Legumes for hard hill country

Posted by on Mar 14, 2019 in Featured Slider | 0 comments

Legumes for hard hill country

Over 60% of New Zealand hill country is in low fertility and wetter regions. Legumes still provide a significant opportunity in these environments, but systems to establish and manage those legumes to capture their benefits are lacking. A national series of workshops with farmers in 2016/17 identified a clear need to provide information and farm systems based around legumes which can perform in low fertility and high rainfall regions.

 

References

White clover morphology and grazing management

Seasonal grazing management effects on branching strucutre and dry weight of white clover plants in mixed swards – (1988) Proceedings of the New Zealand Grassland Association 49: 197-201

Evaluation of New Zealand bred White Clover cultivars under rotational grazing and set stocking with sheep – (1988) Proceedings of the New Zealand Grassland Association 49: 203-206

Fifty years of White Clover research in New Zealand – J Brock, J Caradus & MJM Hay (1989) Proceedings of the New Zealand Grassland Association 50: 25-39

A review of the role of grazing management on the growth and performance of white clover cultivars in lowland New Zealand pastures – J Brock & MJM Hay (1995) New Zealand Grassland Association: Research and Practice Series No. 6

Influence of grazing management and drought on white clover population performance and genotypic frequency – (1996) New Zealand Grassland Association: Research and Practice Series No. 6

White clover performance in sown pastures: A biological/ecological perspective – (2001) Proceedings of the New Zealand Grassland Association 63: 73-83

Deferred grazing to enhance white clover content in pastures – RN Watson et al (1996) New Zealand Grassland Association: Research and Practice Series No. 6

Red Clover

A review of 10 year’s research with red clovers under grazing in Southland RJM Hay and DL Ryan (1989) Proceedings of the New Zealand Grassland Association 50

 

Lotus

A descriptive note on the growth habit of Lotus Pedunculatus Cav.  GW Sheath (1975)  Proceedings of the New Zealand Grassland Associations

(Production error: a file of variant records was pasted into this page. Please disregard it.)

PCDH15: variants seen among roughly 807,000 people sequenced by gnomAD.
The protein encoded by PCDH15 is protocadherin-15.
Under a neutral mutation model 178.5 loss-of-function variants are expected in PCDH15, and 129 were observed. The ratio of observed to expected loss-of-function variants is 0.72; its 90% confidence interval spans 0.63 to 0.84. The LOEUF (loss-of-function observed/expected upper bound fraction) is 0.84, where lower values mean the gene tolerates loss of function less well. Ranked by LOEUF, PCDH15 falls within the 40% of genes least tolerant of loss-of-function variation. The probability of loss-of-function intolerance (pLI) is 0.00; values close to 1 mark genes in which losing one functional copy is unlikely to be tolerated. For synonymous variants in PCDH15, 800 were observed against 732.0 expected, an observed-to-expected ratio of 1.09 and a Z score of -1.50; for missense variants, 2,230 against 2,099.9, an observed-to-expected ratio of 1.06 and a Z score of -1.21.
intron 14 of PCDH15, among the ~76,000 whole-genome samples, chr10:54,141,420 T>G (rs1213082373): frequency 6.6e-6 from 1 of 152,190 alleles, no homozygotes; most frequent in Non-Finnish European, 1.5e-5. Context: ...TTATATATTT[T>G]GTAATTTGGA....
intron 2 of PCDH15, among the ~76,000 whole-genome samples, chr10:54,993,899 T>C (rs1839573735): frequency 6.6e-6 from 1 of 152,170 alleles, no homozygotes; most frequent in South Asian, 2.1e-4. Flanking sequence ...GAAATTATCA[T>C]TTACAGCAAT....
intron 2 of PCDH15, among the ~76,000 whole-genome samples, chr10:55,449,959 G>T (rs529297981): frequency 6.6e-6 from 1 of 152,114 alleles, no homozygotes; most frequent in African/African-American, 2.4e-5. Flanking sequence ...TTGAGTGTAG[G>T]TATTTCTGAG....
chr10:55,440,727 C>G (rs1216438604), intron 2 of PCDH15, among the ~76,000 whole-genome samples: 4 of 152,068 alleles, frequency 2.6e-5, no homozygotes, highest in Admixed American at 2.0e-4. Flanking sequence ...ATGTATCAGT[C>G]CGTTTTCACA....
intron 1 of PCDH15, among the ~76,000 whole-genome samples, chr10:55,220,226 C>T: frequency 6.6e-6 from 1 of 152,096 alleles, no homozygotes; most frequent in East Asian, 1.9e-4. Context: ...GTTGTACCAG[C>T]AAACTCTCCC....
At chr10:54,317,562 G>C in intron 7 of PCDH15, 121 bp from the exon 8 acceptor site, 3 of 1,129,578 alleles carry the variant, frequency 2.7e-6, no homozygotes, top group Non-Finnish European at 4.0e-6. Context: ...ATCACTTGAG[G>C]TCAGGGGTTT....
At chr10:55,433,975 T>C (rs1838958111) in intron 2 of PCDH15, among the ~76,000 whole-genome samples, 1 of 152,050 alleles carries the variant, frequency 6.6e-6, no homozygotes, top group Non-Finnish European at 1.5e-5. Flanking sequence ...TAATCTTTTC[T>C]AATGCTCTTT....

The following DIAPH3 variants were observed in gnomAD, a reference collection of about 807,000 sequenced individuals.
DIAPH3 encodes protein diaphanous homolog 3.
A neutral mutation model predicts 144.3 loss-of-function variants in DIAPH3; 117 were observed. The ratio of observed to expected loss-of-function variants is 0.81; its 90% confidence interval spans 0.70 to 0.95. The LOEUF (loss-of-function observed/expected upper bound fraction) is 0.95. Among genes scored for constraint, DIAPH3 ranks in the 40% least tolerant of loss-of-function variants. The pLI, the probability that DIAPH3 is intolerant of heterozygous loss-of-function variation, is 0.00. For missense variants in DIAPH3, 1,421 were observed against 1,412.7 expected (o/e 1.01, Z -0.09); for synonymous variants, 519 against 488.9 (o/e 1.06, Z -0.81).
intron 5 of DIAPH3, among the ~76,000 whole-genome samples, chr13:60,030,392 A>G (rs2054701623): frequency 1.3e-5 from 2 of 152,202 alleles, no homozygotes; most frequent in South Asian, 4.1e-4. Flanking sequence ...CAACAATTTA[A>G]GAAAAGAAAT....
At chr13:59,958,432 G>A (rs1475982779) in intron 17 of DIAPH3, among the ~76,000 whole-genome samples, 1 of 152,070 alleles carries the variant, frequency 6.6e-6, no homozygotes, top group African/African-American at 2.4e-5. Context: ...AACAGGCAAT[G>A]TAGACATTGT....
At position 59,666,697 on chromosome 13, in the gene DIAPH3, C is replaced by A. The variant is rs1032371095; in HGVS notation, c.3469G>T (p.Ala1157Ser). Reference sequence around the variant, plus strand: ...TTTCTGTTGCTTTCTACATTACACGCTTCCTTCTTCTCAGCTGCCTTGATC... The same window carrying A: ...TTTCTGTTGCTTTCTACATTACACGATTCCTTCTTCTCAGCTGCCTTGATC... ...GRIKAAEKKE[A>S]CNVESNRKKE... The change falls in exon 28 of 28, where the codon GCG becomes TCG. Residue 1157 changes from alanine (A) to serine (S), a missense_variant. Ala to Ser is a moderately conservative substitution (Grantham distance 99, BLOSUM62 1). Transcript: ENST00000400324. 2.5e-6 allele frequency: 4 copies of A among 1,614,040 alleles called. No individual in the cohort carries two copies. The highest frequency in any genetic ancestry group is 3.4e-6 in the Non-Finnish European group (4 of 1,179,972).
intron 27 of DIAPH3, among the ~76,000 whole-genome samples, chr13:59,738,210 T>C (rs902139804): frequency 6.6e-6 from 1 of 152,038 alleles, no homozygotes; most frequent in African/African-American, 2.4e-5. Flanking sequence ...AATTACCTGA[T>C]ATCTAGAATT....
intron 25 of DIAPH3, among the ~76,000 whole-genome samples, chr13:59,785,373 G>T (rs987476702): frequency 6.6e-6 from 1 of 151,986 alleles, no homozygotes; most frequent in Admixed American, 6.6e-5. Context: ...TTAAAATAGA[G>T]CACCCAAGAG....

Effects of time of sowing on the establishment of oversown legumes  D Musgrave (1976) Proceedings of the New Zealand Grassland Association

Legumes in high country development AH Nordmeyer & MR Davis (1976) Proceedings of the New Zealand Grassland Association

Lotus pedunculatus establishment in intensive farming  J Brock and D Charlton  (1977) Proceedings of the New Zealand Grassland Association

Comparison of Huia white clover and Maku lotus oversown separately or as a mixture. WL Lowther (1976) Proceedings of the New Zealand Grassland Association

An evaluation of various legumes at high altitude D Musgrave (1976) Proceedings of the New Zealand Grassland Association

Birdsfoot trefoil (lotus corniculatus) as a potential dryland herbage legume in New Zealand  D Scott and JFL Charlton (1983) Proceedings of the New Zealand Grassland Association

Effect of fertilisers and environment on Lotus production on high country acid soils in Otago  MJS Floate et al (1985) Proceedings of the New Zealand Grassland Association

Factors affecting establishment and spread of “Grassland Maku” lotus in tussock grasslands ME WEdderburn & WL Lowther (1985) Proceedings of the New Zealand Grassland Association

 

Chemical Topping

A summary of research into the use of low rates of glyphosate as a pasture management tool M Casey, C Brown & D Stevens (2000) Proceedings of the New Zealand Grassland Association

Chemical manupulation of hill country pastures to produce legume dominance MP Rolston, DA Clark & BP Devantier (1985) Proceedings of the New Zealand Grassland Association

Legume oversowing on hill country in Marlborough PJ Rhodes & RJ Clare  (1983) Proceedings of the New Zealand Grassland Association

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